Happy Thanksgiving from all of us at Civil War Times magazine!

11/23/2022

A Happy Thanksgiving message from Civil War Times magazine Editor Dana B. Shoaf and Director of Photography Melissa A. Winn. Thank you! Happy Holidays to all!

#HumpDayHistory(Civil War facts to get you through the longest day of the week)The Army Medical MuseumThe Army Medical M...
11/23/2022

#HumpDayHistory
(Civil War facts to get you through the longest day of the week)

The Army Medical Museum

The Army Medical Museum was established by U.S. Army Surgeon General William A. Hammond in 1862, as a center for research in military medicine and surgery. Hammond directed medical officers in the field to collect "specimens of morbid anatomy...together with projectiles and foreign bodies removed,” and to forward them to the newly founded museum for study. Civil War surgeon John Brinton served as the museum’s first curator and visited several mid-Atlantic battlefields, including Gettysburg, to report back to Hammond his observations on medical techniques, burials, and, more importantly, to collect the amputated limbs of the wounded and have them shipped in barrels back to Washington, D.C., for the museum. During and after the war, the museum staff took pictures of wounded soldiers showing the effects of gunshot wounds as well as results of amputations and other surgical procedures. The information collected was compiled into six volumes of "The Medical and Surgical History of the War of the Rebellion", published between 1870 and 1883.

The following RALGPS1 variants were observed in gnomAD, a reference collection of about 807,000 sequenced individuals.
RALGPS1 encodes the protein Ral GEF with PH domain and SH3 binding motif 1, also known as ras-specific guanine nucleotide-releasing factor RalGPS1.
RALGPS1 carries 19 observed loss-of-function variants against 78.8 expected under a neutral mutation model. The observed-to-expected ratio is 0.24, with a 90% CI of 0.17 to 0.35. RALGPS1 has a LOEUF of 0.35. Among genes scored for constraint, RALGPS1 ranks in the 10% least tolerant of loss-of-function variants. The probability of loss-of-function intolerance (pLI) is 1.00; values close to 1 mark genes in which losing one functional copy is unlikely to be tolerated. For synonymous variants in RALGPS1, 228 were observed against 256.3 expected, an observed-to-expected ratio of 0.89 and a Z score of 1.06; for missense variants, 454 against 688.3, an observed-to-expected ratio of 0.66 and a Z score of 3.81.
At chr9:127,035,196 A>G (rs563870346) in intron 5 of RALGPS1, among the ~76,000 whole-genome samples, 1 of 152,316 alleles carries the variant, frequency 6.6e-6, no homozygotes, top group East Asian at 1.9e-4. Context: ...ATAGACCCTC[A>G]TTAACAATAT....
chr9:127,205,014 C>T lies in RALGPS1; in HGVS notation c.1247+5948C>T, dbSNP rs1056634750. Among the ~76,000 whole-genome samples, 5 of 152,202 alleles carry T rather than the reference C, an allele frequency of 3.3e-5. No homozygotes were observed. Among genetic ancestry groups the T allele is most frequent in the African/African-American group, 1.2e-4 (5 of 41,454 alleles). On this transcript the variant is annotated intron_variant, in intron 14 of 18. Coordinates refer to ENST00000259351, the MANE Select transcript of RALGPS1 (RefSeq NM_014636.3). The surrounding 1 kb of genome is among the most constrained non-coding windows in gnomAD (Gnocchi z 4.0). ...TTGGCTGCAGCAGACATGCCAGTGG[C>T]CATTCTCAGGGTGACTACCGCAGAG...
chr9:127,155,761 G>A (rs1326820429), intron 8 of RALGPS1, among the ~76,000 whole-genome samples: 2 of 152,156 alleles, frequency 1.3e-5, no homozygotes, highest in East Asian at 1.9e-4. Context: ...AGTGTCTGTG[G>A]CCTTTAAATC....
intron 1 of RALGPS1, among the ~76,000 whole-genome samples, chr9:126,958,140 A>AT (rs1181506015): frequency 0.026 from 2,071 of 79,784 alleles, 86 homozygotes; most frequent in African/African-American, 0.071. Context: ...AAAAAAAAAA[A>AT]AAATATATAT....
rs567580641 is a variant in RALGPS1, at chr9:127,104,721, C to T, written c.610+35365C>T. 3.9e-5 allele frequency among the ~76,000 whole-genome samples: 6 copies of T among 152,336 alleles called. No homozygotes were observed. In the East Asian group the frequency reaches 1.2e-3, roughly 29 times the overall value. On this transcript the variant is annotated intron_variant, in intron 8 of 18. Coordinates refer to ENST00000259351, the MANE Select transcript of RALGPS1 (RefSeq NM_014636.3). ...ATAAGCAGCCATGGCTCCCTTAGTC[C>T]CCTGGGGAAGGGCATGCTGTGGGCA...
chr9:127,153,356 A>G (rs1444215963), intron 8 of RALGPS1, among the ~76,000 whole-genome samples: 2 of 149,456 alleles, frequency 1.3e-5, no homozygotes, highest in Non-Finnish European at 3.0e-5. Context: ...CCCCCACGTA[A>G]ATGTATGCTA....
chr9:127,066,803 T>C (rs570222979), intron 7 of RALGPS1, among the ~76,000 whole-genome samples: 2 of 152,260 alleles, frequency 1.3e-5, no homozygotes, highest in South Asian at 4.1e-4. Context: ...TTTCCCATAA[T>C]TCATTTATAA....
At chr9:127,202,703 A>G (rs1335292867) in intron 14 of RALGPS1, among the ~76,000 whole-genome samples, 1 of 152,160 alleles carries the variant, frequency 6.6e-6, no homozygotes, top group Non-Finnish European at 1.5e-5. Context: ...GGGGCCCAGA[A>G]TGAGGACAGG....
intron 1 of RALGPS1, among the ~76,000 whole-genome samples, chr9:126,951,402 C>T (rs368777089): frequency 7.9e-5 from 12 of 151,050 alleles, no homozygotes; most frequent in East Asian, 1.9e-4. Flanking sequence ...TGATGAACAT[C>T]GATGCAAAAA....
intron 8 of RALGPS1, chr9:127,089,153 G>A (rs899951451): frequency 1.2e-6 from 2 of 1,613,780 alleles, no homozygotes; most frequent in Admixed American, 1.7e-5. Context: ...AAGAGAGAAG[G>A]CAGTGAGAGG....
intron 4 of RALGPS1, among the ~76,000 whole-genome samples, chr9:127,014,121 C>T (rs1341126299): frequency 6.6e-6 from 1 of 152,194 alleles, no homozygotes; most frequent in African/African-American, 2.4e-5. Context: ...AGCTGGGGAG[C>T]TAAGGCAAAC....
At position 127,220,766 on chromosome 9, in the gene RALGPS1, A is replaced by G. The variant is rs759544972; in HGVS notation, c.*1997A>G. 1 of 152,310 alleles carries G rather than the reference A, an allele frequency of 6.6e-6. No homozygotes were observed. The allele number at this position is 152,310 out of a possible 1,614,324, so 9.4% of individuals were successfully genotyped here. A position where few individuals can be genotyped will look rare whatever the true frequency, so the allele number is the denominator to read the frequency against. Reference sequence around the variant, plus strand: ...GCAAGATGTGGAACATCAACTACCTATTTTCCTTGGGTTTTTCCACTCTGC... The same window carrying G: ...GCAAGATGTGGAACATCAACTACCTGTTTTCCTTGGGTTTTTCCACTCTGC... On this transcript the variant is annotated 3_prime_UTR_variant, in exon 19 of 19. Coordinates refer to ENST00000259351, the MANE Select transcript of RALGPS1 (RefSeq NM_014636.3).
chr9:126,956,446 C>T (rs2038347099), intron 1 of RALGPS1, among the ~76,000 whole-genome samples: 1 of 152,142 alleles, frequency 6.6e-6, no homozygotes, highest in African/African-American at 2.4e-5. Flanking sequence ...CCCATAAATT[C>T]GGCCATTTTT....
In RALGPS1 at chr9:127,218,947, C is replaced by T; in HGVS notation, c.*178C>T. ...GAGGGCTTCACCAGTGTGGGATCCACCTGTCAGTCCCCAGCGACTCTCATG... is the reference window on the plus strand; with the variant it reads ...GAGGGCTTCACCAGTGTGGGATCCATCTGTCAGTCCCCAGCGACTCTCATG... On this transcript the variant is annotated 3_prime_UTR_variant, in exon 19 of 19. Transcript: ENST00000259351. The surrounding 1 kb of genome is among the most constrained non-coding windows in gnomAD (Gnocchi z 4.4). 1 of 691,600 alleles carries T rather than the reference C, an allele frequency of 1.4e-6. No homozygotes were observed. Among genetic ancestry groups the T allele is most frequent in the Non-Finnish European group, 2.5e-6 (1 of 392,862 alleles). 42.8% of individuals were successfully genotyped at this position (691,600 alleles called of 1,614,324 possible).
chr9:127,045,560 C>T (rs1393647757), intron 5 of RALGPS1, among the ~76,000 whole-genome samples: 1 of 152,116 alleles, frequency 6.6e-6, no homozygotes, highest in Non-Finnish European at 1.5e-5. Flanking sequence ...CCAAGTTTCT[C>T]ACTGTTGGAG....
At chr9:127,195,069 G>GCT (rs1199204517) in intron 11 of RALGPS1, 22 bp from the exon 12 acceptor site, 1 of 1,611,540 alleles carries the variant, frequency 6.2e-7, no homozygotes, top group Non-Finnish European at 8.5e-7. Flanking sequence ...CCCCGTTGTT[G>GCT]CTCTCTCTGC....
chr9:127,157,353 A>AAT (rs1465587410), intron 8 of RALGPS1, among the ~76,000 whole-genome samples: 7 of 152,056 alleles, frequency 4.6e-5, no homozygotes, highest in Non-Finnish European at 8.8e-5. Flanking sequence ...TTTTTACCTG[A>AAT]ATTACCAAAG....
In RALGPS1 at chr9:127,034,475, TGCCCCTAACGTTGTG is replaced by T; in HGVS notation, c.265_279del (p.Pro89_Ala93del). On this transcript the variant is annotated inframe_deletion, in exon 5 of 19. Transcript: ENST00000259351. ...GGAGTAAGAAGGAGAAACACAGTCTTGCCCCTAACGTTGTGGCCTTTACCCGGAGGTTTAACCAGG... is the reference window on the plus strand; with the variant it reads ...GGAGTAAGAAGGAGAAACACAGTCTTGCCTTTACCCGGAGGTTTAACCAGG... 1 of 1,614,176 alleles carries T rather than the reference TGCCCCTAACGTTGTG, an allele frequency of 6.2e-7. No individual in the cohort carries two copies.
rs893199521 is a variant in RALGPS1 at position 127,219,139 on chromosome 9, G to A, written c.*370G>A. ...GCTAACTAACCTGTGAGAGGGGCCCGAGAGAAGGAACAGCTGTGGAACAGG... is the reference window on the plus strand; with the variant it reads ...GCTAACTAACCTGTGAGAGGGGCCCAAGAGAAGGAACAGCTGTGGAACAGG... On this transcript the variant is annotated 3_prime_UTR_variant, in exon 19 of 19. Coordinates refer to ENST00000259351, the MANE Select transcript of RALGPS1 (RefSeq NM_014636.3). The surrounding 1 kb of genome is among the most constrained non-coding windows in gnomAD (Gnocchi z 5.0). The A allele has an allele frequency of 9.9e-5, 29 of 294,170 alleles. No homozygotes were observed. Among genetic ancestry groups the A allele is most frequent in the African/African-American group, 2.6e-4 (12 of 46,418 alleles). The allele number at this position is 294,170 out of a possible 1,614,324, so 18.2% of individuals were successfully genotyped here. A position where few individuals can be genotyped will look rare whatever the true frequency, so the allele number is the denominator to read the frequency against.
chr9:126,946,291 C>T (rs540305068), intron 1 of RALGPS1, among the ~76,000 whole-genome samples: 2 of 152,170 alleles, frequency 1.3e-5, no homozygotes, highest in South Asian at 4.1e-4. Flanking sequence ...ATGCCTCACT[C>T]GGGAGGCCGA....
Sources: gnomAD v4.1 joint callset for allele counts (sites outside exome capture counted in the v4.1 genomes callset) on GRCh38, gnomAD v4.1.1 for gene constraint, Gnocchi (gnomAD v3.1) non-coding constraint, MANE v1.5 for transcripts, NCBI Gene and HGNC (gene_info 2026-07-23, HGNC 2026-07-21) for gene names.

#OnThisDay in 1863, the Battle of Chattanooga begins, ending three days later, and after several engagements, with a Uni...
11/23/2022
Battle Of Chattanooga

#OnThisDay in 1863, the Battle of Chattanooga begins, ending three days later, and after several engagements, with a Union victory.

Facts about the Battle Of Chattanooga, an 1863 Civil War Battle of the American Civil War Battle.

11/22/2022